A similarly enticing section is right below it, offering select anniversaries for the current date. For example, June 28 was the anniversary of the signing of the Treaty of Versailles as well as the Stonewall Riots in New York. Whether there is a connection between the two events is certainly up to you, the reader, to decide. The fact that June 28th is also one of two dates that exist that are composed only of perfect numbers might also be related. You can also find out birthdays and death days for selected people. This is an easy way to discover that Mel Brooks, Gilda Radner, Kathy Bates, John Cusack, and Henry VIII were all born on the same day. Again, any connection is up for you to form.

If all of this was not enough to make you want to regularly visit, there is the “Did you know” section, which asks every day questions that challenge your knowledge of trivia and history. For example, did you know that Kentucky State University is the smallest public university in Kentucky? This probably will never impact your life but there are new questions every day, ready to get you thinking about the history of water skiing, or the longest and widest avenue in the city of Washington, D.C.

If this is still not enough, consider the current events section. I find the current events section to cover a much wider area of news than your average news site, and as with all things wiki, it can be fixed or updated by anyone. You can therefore find out about current events, sometimes even while the events are taking place. There is also a link to Wikinews, a news source which combines other news sources to produce single articles from a neutral point of view.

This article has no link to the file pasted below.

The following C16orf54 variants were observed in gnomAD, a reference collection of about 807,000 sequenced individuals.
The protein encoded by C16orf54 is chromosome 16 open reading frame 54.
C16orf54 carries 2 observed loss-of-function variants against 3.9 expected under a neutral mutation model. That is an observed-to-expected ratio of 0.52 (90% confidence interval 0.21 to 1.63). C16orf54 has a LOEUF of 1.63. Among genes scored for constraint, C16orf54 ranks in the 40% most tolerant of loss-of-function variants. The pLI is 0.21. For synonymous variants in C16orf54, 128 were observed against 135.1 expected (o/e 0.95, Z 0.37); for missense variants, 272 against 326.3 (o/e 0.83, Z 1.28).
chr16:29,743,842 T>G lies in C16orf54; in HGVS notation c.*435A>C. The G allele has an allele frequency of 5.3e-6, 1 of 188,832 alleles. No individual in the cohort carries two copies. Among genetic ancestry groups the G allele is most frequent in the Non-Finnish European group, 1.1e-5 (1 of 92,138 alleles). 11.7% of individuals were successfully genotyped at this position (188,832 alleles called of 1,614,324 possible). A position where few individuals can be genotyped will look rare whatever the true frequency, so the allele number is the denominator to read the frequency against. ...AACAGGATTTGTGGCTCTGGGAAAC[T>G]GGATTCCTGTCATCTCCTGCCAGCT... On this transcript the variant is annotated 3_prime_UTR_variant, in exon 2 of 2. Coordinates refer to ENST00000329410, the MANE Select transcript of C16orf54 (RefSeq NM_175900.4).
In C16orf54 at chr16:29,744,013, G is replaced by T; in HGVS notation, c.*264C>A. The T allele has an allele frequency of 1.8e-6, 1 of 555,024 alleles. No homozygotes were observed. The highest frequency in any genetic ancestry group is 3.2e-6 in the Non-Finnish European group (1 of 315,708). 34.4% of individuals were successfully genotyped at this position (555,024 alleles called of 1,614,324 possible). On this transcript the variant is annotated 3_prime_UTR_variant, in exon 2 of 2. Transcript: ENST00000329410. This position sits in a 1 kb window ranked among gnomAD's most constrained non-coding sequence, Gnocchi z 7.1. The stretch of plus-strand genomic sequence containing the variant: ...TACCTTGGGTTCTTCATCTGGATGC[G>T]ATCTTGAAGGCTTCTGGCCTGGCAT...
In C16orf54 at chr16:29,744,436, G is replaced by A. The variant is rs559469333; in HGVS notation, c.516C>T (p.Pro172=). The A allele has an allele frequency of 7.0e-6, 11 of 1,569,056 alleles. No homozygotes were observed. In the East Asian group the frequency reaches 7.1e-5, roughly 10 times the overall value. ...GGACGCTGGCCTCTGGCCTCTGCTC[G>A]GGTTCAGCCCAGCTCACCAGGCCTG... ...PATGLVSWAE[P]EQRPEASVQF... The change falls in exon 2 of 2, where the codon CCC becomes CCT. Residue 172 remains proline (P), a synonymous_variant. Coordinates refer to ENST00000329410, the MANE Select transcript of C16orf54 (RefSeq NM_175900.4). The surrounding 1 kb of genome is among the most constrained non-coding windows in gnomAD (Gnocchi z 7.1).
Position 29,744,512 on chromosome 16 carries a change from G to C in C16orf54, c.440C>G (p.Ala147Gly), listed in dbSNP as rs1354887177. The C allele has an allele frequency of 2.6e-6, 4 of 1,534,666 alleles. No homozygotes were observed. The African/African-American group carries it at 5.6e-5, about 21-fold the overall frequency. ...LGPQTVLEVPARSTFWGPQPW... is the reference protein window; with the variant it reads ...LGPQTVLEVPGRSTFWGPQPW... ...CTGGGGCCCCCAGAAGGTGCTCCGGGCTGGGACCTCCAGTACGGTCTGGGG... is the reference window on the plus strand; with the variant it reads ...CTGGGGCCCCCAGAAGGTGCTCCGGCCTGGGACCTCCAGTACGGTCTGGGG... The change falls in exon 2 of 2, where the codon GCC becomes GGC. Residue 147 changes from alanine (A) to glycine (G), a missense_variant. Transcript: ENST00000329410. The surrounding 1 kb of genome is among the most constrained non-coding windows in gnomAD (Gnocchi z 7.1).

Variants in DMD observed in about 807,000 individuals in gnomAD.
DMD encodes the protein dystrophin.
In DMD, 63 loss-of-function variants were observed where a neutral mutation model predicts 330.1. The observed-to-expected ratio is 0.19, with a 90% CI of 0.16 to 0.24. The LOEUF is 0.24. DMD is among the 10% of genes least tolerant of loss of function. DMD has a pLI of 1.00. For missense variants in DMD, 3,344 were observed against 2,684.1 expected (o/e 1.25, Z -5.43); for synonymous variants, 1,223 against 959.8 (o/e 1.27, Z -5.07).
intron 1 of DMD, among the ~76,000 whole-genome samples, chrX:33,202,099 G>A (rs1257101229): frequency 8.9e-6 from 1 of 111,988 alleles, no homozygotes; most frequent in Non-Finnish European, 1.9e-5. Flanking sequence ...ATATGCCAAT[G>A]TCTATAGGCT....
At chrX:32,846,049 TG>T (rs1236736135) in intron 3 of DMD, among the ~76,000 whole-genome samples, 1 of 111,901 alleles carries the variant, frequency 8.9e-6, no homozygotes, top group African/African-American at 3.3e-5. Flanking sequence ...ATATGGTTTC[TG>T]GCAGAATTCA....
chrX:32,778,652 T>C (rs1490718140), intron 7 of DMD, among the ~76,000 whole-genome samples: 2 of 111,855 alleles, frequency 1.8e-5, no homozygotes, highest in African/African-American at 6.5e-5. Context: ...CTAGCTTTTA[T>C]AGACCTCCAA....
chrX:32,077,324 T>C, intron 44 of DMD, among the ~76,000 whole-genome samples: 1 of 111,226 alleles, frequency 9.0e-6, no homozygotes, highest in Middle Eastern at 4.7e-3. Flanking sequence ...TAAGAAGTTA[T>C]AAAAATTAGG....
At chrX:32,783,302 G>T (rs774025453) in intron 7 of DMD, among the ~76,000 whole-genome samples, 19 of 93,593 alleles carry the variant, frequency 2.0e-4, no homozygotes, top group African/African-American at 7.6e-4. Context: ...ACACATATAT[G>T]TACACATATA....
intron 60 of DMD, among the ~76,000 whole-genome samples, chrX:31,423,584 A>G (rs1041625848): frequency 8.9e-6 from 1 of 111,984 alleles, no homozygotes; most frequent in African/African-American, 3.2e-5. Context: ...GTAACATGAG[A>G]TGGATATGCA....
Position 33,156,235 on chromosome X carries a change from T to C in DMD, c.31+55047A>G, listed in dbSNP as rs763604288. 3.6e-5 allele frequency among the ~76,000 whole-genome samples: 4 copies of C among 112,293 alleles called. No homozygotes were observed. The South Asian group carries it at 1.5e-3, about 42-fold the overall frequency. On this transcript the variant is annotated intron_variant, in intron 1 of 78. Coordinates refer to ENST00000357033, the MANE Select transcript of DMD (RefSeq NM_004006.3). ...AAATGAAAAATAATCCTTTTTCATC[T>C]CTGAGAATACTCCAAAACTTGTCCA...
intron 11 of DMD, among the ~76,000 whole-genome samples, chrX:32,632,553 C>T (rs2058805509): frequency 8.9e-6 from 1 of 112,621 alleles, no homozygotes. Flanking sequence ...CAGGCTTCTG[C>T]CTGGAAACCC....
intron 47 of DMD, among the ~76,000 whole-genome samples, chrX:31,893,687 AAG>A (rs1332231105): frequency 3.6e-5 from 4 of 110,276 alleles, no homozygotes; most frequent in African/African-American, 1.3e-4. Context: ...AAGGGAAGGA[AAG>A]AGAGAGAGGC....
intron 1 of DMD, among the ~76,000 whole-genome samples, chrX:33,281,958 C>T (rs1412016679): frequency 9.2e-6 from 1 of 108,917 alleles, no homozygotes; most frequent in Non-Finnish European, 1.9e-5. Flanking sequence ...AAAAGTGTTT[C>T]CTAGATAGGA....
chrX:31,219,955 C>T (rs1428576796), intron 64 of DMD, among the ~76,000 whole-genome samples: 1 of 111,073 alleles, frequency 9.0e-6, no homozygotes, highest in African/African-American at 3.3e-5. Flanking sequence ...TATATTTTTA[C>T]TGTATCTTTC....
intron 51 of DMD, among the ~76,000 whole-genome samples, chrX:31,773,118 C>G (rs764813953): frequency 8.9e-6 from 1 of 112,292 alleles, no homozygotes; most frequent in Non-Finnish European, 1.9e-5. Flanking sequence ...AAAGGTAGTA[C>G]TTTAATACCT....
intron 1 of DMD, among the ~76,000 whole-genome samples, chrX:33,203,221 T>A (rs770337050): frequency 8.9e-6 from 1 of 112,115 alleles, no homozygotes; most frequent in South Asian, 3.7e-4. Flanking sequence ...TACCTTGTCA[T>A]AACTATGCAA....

Potential Problems with Collaboritive Editing
By this point you may have already thought of one of the biggest potential problems with allowing anyone to edit or rewrite articles on the English Wikipedia. How can you avoid mean-spirited or agenda driven people who seek to destroy content? People who are not fond of the television program Charmed might want to go to the article and write unkind words about it. However, one of the ideas of the Wikipedia is to be free from non-neutral point-of-view content. With as many people as there are that work on keeping the Wikipedia running, all strictly volunteer, most all vandalism is immediately spotted and removed. When there is a recurring problem, steps are taken to prevent further vandalism, such as the banning of ip addresses.

Conclusion
The expression “You learn something new every day” is relevant in so many different ways to the Wikipedia and all of the other wikis that it links to. More than just allowing free access to important knowledge, the Wikipedia pushes forth the possibilities of what can be accomplished through good spirited collaboration. If you have not yet visited the English Wikipedia (or if you prefer, the Wikipedia of your preferred language) you should certainly do so now.